Camas is normally dug with digging sticks to a depth of usually 6 inches or less. The digging sticks would be made from hardened iron wood, with an antler handle. Camas fields which are regularly tended allow the camas bulbs to grow to a large size in a few years. People digging camas would only keep the biggest bulbs and throw the small ones back into the hole. Camas fields would be regularly burned, along with the regular field burning of the Kalapuya tribes.
Camas would be gathered in great quantities in the mid-summer. Once gathered a long shallow pit would be dug in the ground. Rocks would be well heated over a fire then placed in the bottom of the pit. The pit would be layered with leaves, bows and camas bulbs, then covered with dirt to create a reduction oven. The camas would bake in the pit for 3 or 4 days, then uncovered. The sweet caramelized camas bulbs would be gathered, the starches in the bulbs now turned to a protein useable by humans. Uncooked camas was not eaten, as it will cause extreme gastric pain and gas.
In other times camas could be boiled in a water filled cooking basket, and then available for eating in about a half hour. The bulbs would turn to a spongy consistency similar to potatoes or pasta. The prairies around Chifin were full of camas, and much camas still grow in the region today.
The Kalapuyans also hunted and fished and traded for other foods. They would make regular, annual excursions into the Cascades to meet with other tribes for trading and to pick berries and gather weaving materials. The Pe-u, Winefelly and Santiam had vast homelands in the Cascade foothills which are well represented on maps created in the 1850s.
The Kalapuya in the Eugene area would be subject to raids from the Molalla and Klamath for slaves and wives. The other tribes would come down from the Casacades on the Klamath trail and raid the villages, then attempt to escape into the Cascades again. The Yoncalla were subject to such raids and one is documented in Jesse Applegate’s book “The Yangoliers”. Chief Halo of the Yoncallas woke one day to such a raid. Men of the Yoncalla followed the kidnappers, and caught them in the Cascades, returning the girl to the tribe.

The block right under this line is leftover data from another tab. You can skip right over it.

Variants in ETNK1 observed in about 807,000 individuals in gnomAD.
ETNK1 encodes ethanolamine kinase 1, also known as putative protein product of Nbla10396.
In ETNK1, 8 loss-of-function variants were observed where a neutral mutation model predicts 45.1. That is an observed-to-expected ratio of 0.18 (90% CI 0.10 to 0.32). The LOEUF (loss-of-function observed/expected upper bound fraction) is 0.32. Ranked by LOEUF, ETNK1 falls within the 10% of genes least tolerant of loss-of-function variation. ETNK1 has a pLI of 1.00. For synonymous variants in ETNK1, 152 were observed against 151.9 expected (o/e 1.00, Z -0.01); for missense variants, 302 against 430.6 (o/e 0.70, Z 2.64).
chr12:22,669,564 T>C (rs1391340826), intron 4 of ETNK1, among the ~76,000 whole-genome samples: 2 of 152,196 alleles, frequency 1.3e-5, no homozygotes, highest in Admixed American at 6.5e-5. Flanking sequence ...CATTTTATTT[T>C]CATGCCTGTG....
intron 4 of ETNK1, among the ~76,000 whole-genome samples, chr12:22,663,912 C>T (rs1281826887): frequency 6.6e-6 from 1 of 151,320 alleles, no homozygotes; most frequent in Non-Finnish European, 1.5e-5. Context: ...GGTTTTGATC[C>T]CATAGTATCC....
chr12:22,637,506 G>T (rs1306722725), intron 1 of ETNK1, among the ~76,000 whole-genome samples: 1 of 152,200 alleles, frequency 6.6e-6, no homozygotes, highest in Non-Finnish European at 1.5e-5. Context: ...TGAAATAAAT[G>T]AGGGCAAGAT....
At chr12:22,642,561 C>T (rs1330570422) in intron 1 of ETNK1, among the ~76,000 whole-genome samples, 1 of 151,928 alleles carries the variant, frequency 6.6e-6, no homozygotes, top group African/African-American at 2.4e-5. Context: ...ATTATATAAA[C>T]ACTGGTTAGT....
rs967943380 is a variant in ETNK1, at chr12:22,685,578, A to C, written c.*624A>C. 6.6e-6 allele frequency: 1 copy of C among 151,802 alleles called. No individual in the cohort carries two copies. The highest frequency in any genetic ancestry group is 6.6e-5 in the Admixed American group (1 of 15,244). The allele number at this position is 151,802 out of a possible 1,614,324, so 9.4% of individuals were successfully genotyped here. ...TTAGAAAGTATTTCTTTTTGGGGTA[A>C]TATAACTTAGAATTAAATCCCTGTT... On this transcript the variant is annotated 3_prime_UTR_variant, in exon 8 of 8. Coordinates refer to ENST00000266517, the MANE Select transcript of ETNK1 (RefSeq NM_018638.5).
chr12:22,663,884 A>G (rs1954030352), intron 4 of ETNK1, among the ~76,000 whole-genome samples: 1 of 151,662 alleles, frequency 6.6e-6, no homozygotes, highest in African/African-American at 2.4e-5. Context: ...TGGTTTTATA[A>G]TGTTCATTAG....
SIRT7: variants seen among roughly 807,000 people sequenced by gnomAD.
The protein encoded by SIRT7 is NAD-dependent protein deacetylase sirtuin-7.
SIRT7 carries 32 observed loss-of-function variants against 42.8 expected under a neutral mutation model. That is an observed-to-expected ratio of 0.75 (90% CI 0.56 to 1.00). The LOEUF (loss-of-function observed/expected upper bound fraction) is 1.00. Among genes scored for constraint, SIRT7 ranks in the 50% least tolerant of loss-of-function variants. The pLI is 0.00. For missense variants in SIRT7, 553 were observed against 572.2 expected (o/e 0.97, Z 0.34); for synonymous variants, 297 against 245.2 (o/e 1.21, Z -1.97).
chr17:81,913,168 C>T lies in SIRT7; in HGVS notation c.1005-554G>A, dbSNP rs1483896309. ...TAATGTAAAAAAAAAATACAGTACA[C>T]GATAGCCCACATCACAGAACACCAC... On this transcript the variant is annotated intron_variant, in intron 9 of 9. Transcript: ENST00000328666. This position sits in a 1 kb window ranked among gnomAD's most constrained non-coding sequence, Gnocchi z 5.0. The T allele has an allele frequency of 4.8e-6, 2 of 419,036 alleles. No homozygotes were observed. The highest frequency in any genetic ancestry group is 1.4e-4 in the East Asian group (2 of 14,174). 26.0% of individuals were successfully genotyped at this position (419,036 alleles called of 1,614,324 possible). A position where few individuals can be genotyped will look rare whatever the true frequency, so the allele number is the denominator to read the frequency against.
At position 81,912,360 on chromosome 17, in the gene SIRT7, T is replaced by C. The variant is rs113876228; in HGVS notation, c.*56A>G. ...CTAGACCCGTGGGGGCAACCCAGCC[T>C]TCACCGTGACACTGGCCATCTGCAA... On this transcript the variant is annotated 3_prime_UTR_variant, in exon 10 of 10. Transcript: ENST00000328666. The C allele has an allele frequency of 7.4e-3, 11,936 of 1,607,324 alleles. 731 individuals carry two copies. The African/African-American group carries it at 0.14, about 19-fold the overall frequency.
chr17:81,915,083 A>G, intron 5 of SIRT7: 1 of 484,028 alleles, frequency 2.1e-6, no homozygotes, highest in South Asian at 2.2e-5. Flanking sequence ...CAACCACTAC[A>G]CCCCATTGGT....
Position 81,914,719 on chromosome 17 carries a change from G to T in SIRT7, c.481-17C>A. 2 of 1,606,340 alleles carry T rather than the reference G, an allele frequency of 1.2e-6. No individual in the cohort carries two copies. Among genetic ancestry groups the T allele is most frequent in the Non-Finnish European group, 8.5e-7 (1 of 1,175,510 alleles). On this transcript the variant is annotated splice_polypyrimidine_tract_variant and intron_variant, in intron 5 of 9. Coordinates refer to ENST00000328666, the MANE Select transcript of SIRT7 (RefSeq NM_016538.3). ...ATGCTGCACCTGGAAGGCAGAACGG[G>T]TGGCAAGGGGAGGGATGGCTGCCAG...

In 1856 all of the Kalapuya tribes were removed to the Grand Ronde Indian Reservation. There they settled in with some 27-35 tribes of western Oregon.
RG75 M2, M234
Yes these are historian-archival resources that many of us in the research business know as the source for much of the information about Indian Affairs in the 19th century. If you don’t know what I am talking about, I envy your ignorance, as there must be a lot less stress, strain, and anguish in your life. These are microfilm series that contain correspondence from Indian Agents and others about the administration of tribes and reservations in the United States. There are two different series related to Oregon for RG (Record Group) 75:
NARA Series M234- Letters received, 1824-1881; registers of letters received, 1824-1880:Oregon Superintendency, 1842-1880 Oregon Superintendency 1842-1852
The Finding aid.
NARA Series M2- Records of the Oregon Superintendency of Indian Affairs, 1848-1873
and index is here: Index to M2
Thus far we have always had to access these microfilm series in libraries. Many large university libraries have the series. The process of looking through the microfilm has been labor intensive, only in the past 8 years or so have digital readers and digital printouts become readily available to the public. This has made saving and printing from the films of letters and reports very easy and helpful. A process that at one time took hundreds of hours to now tens of hours.
But I recently discovered that the M234 films for the Oregon Superintendency are now online at the Montana Memory project. Yes they have all of the Oregon and Washington rolls completely digitized. I don’t know the full extent of the project, but I’ll bet its of a broad spectrum of the west.
We are still searching for access to the M2 series, perhaps they are digitizing the series now?
I also found the records for the Washington Superintendency:
So research away!
Down in Southwestern Oregon, along the Rogue River are not just one Table Rock, but two. They are Upper and Lower Table Rocks, horseshoe shaped buttes that were part of the Table Rock Reservation. We have spent quite of bit of time with Lower Table Rock as this butte was fully contained within the reservation, and the tribes saw this butte as a sacred place. The butte served as a natural fort, to protect against invaders, and was used by the tribes during the signing of the Rogue River Reservation in 1853 as a safe place for the people while negotiations took place.